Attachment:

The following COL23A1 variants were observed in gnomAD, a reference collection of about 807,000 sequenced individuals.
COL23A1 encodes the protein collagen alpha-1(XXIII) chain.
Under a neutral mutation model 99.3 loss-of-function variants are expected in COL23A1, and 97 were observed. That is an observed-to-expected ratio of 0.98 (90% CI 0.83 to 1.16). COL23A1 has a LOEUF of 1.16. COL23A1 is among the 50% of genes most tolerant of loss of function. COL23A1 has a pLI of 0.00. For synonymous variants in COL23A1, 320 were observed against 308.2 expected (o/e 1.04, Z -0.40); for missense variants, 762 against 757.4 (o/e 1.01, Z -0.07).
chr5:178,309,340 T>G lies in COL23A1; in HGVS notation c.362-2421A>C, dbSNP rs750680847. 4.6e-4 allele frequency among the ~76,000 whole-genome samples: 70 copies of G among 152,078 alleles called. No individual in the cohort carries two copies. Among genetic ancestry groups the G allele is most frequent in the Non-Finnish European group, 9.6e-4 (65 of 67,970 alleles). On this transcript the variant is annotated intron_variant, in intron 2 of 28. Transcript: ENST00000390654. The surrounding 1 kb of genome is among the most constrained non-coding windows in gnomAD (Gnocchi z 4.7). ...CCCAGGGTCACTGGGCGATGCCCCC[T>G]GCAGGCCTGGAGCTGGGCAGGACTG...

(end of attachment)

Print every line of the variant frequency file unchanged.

The following COL23A1 variants were observed in gnomAD, a reference collection of about 807,000 sequenced individuals.
COL23A1 encodes the protein collagen alpha-1(XXIII) chain.
Under a neutral mutation model 99.3 loss-of-function variants are expected in COL23A1, and 97 were observed. That is an observed-to-expected ratio of 0.98 (90% CI 0.83 to 1.16). COL23A1 has a LOEUF of 1.16. COL23A1 is among the 50% of genes most tolerant of loss of function. COL23A1 has a pLI of 0.00. For synonymous variants in COL23A1, 320 were observed against 308.2 expected (o/e 1.04, Z -0.40); for missense variants, 762 against 757.4 (o/e 1.01, Z -0.07).
chr5:178,309,340 T>G lies in COL23A1; in HGVS notation c.362-2421A>C, dbSNP rs750680847. 4.6e-4 allele frequency among the ~76,000 whole-genome samples: 70 copies of G among 152,078 alleles called. No individual in the cohort carries two copies. Among genetic ancestry groups the G allele is most frequent in the Non-Finnish European group, 9.6e-4 (65 of 67,970 alleles). On this transcript the variant is annotated intron_variant, in intron 2 of 28. Transcript: ENST00000390654. The surrounding 1 kb of genome is among the most constrained non-coding windows in gnomAD (Gnocchi z 4.7). ...CCCAGGGTCACTGGGCGATGCCCCC[T>G]GCAGGCCTGGAGCTGGGCAGGACTG...